The Senate confirmed former Procter & Gamble Co. Chief Executive Officer Bob McDonald to lead the troubled U.S. Department of Veterans Affairs a day after negotiators in Congress agreed on a plan to bolster the agency.
McDonald, confirmed on a 97-0 vote, has said he’ll use skills he gained in the private sector to restructure the agency, where disclosure of long waits for care at veterans’ hospitals led to his predecessor’s resignation. McDonald, a former Army captain, spent more than three decades at P&G.
McDonald, 61, told lawmakers at a confirmation hearing this month that he will expand the VA’s use of digital technology, travel extensively, hold quarterly video conferences and improve productivity at the nation’s fifth-largest agency by spending.
“He will bring the tools of a CEO in a private corporation to the VA, a huge bureaucracy which needs a significant improvement in accountability and management,” Senate Veterans Affairs Committee Chairman Bernie Sanders, a Vermont independent, said before today’s vote.
The VA has been criticized following inspector general reports showing lengthy waits for veterans seeking medical care, VA staff falsifying records to hide those waiting times, and improper management of disability and college tuition benefits.
“We all know he has a tough job ahead of him,” Senate Minority Leader Mitch McConnell, a Kentucky Republican, said about McDonald on the chamber floor today. “If Mr. McDonald is willing to work in a collaborative and open way with Congress, and I expect he will, he will find a constructive partner on this side of the aisle.”
As many as 35 veterans died while awaiting care at a Phoenix facility, interim VA Secretary Sloan Gibson has said. Gibson has been overseeing the agency, which has a $160 billion budget and runs the nation’s largest integrated health-care system, since former VA Secretary Eric Shinseki resigned in May.
Lawmakers from the House and Senate agreed on a deal yesterday that would spend about $17 billion to help ease the long waits for care. Leaders in both parties have said they expect votes by week’s end.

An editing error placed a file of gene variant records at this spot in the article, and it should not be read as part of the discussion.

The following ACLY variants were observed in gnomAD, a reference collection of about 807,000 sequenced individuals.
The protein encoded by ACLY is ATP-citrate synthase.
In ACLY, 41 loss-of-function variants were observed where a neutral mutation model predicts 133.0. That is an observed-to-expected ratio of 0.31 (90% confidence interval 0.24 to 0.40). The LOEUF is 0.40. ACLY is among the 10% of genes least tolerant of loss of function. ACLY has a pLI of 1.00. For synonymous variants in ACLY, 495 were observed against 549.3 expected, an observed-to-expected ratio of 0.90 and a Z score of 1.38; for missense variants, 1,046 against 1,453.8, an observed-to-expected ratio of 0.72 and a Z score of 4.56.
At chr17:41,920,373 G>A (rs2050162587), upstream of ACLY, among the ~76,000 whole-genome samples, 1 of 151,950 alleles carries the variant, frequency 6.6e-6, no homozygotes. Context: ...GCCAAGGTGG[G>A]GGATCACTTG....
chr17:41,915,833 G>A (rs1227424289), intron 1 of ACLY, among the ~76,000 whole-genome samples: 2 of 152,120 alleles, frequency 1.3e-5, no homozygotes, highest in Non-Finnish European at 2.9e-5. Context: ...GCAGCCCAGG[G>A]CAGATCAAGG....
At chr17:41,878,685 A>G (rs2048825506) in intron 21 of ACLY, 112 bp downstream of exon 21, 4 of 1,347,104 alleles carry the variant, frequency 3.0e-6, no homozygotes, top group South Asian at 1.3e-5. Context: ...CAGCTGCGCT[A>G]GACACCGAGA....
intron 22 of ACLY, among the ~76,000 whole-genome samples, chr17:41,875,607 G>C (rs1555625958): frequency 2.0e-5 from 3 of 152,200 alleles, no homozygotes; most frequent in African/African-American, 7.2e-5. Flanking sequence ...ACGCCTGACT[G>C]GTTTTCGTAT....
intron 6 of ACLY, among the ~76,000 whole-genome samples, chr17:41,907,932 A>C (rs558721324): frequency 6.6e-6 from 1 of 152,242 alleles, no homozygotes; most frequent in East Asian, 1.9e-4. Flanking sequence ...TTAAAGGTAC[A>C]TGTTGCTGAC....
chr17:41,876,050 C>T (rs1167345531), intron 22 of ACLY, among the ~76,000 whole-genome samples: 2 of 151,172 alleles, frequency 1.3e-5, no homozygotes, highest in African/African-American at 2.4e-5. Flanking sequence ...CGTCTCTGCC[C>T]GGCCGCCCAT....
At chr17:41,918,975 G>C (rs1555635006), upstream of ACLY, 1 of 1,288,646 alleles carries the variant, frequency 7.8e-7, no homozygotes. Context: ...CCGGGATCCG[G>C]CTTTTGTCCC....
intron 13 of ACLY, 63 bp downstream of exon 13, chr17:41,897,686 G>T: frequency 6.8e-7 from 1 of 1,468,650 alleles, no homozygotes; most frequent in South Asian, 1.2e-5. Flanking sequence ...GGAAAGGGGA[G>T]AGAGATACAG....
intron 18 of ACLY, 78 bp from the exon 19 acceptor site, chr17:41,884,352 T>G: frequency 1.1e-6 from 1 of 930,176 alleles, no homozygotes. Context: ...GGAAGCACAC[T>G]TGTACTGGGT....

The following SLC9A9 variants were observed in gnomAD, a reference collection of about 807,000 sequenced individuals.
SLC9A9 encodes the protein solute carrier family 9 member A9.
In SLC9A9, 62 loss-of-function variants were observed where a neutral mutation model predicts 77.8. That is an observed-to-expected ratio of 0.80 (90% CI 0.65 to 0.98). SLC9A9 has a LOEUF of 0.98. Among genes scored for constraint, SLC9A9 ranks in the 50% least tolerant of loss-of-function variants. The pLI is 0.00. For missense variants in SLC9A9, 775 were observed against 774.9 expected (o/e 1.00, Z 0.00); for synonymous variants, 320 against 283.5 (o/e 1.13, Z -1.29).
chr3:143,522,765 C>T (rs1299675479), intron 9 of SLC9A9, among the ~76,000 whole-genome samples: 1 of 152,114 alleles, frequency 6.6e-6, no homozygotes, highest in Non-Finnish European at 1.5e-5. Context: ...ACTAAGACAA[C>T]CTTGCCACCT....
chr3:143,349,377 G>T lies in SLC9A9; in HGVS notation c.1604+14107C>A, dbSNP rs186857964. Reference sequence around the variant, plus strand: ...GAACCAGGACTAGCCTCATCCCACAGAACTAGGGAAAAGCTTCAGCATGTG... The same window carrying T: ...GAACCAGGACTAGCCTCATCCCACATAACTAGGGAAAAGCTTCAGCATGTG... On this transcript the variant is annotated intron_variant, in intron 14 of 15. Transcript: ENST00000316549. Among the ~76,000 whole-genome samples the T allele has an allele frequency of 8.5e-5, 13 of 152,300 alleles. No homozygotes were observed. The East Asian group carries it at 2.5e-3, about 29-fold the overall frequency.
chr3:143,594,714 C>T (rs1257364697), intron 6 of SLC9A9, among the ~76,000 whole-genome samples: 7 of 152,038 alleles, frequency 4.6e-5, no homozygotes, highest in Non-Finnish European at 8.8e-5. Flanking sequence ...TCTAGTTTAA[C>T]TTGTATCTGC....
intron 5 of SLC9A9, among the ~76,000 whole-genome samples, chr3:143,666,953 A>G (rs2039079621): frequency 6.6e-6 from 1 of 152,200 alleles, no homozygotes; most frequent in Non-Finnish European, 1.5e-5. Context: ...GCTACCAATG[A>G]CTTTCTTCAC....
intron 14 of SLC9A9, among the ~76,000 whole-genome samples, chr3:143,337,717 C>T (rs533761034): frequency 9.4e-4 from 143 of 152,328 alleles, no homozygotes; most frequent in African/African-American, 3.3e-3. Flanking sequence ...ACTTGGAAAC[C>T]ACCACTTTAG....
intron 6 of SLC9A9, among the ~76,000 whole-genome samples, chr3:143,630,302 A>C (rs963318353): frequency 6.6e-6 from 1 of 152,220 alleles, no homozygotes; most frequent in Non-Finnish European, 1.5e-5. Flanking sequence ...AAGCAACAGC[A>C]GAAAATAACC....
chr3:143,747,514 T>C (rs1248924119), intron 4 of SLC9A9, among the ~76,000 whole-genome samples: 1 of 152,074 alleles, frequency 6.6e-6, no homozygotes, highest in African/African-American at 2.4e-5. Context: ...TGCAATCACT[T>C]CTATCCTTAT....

Most of the spending in the measure would be used to hire doctors and nurses and to allow treatment at non-VA hospitals for veterans who live far from a government hospital or clinic or who can’t get a timely appointment.
Increased payments in the deal could triple health-care providers’ revenue from the VA in the next year, according to Bloomberg Intelligence. In 2013, HCA Holdings Inc. and Universal Health Services Inc. hospitals had the most admissions for veterans’ care among publicly traded hospitals in California, Texas and Florida, the three states with the most veterans.
The rare bipartisan agreement would authorize leases for 27 new VA facilities and expand the types of non-VA hospitals and clinics where veterans can receive care. It also would allow the VA secretary to fire senior executives, with a streamlined appeals process.
The deal would paid for by about $12 billion in emergency spending and $5 billion in offsets from elsewhere in the VA budget, said Sanders and Representative Jeff Miller. Miller, a Florida Republican, is chairman of the House Veterans Affairs Committee.
McDonald, who oversaw more than 120,000 employees as the chief executive at P&G, would lead a department that serves more than 8 million veterans annually.
After P&G lost market share to such rivals as Unilever, McDonald embarked on a turnaround plan in 2012 to cut $10 billion in costs through 2016 and renew focus on the company’s leading businesses. The company’s stock rose 51 percent while he was CEO.
McDonald, who graduated from West Point in 1975 with an engineering degree, served as a captain in the Army for five years before joining P&G in 1980. He retired from the Cincinnati-based company in June 2013.